The pensions debate has brought in to sharp focus the extent to which companies should be responsible for the future welfare of their employees. Rising employment costs, not just those of salaries, but of holiday entitlements, pensions, sickness, maternity and, now, paternity cover, in addition to the ease of access to other cheaper labour markets, have led to an outsourcing revolution in business.

A greater pension burden - if that is how it will be perceived by small employers in particular- is likely to encourage even more contracting out of work among outsourcing companies or with self-employed suppliers who must look after their own pension and other arrangements for social support.

Ronald Coase, the economist, explained the existence of companies as mechanisms for reducing the burden of transaction costs involved in doing business. As long as it is cheaper to have work performed internally the company will continue to exist as a community of centrally-rewarded and managed employees. When those internal costs can no longer be justified internal employment is no longer sensible.

Robert Laubacher and Thomas Malone, both academics at the MIT Sloan School of Management, have argued that within a few decades the integrated company might be viewed as nothing more than a transitional arrangement for the supply of work. Just now, as companies continue to grow by merger and acquisition this prediction looks as remote as it ever was.

But it should also be recognised - and Mr Coase does not include this in his list of transaction costs underpinning the purpose of companies - that many people like to work for a company. They enjoy a regular income and some, even though they may complain at times, prefer to devolve responsibility to their bosses. It is as intrinsic a part of human nature as the parent-child relationship.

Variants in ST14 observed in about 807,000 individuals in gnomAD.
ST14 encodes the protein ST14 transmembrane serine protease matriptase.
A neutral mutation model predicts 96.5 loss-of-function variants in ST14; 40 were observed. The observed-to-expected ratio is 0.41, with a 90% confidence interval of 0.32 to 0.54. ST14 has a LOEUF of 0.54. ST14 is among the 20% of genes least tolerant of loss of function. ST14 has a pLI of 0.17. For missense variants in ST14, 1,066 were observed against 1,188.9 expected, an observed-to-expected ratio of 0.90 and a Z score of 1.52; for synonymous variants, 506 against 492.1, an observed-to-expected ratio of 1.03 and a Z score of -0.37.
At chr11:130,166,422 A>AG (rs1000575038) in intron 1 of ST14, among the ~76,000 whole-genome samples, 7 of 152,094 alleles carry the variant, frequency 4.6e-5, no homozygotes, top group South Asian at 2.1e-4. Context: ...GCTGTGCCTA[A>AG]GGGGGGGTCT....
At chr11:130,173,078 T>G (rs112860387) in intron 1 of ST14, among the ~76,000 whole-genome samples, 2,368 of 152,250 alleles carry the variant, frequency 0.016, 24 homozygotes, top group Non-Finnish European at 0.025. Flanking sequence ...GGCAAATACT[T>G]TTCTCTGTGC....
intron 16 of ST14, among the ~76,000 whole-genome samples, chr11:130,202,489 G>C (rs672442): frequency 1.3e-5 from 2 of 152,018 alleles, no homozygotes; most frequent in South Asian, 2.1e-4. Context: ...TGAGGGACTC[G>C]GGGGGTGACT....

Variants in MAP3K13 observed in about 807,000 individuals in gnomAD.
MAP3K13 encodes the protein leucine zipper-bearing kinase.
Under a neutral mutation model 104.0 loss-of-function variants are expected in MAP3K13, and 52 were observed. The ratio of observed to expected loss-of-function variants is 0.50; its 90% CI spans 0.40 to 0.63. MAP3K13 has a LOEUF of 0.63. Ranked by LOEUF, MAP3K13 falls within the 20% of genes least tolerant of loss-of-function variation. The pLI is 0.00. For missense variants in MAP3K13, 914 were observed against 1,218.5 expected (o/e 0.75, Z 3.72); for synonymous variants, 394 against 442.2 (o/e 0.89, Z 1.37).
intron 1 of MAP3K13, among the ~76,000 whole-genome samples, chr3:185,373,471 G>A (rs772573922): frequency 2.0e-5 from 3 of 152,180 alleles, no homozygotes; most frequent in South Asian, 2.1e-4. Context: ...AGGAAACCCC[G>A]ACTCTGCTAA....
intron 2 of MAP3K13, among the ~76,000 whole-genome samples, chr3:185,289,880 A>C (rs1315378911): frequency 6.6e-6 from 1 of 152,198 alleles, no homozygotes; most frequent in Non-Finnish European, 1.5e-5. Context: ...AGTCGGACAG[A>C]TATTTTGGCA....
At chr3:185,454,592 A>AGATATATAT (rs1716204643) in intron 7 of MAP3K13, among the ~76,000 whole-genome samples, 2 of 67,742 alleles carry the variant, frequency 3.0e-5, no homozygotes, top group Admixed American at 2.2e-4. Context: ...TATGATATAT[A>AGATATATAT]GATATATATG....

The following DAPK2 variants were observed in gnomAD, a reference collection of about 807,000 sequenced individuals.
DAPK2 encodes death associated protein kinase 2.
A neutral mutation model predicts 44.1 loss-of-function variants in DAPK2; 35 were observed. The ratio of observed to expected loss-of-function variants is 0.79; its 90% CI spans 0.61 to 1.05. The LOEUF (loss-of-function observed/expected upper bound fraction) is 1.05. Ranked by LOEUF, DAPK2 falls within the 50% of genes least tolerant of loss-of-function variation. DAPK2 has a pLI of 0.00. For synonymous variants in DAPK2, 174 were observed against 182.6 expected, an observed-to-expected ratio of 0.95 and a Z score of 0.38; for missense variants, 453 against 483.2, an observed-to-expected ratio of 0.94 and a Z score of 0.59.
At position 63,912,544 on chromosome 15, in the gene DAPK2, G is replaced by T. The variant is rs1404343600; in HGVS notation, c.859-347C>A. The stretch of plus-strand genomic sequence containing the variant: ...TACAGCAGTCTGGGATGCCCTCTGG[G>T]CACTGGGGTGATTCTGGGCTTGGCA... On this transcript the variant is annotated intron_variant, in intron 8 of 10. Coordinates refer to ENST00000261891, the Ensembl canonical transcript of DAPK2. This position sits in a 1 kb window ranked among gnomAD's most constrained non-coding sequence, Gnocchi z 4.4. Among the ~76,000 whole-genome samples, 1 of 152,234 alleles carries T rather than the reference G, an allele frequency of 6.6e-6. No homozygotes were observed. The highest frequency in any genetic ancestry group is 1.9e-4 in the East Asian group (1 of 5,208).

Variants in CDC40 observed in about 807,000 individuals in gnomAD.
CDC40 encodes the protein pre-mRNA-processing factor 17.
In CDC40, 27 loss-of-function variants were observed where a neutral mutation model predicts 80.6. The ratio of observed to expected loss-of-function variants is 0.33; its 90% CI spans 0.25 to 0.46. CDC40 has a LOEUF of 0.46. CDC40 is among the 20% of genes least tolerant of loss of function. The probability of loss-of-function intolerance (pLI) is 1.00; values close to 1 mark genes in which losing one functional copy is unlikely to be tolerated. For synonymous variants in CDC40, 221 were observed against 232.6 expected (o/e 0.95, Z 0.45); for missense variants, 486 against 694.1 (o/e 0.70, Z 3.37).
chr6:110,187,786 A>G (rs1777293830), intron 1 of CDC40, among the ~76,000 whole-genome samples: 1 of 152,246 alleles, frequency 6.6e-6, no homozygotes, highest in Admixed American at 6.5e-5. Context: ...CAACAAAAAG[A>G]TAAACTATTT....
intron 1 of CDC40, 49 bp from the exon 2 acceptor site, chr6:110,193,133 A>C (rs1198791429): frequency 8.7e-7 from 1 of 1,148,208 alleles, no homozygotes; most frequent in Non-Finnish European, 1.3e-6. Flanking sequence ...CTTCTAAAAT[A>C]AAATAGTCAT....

In that sense companies have become greater than the sum of their parts. They have developed a life of their own to the extent that I wonder if some, at least, are simply there because they are there.

Now the world has changed. As competitive pressures increase alongside the success of information-rich enterprise shorn of most fixed assets, many companies have chosen to source much of their labour where they can find the best people at the best prices. The practice has become so ingrained I read that one outsourcing association was worrying about the “growth of insourcing”. I assume it meant employment.

There was a time when some big companies appeared to glide serenely within the marketplace. But in most of today’s corporate swans the feet – represented by employees - are paddling furiously beneath the surface. The pace of work is killing us softly, so much so, we might be forgiven for seeking alternative employment and pension arrangements.

If Lady Thatcher was doubtful about Society, she was unshaken in her belief in Victorian values. If, by this, she was referring to the idea of “self-help” espoused by Samuel Smiles I think she had a point. However, there must remain a safety net for those who need it. But should this include a state pension for all, regardless of their income, simply because they paid a National Insurance stamp? National Insurance should be nothing more than an insurance against ill health and poverty, underpinning the health service, not supplementing the better off.

Those who can look after themselves should be encouraged to build their own pensions, making their own provisions in individual self-administered tax-friendly funds, if they choose to do so. A nanny company is no more desirable than a nanny state.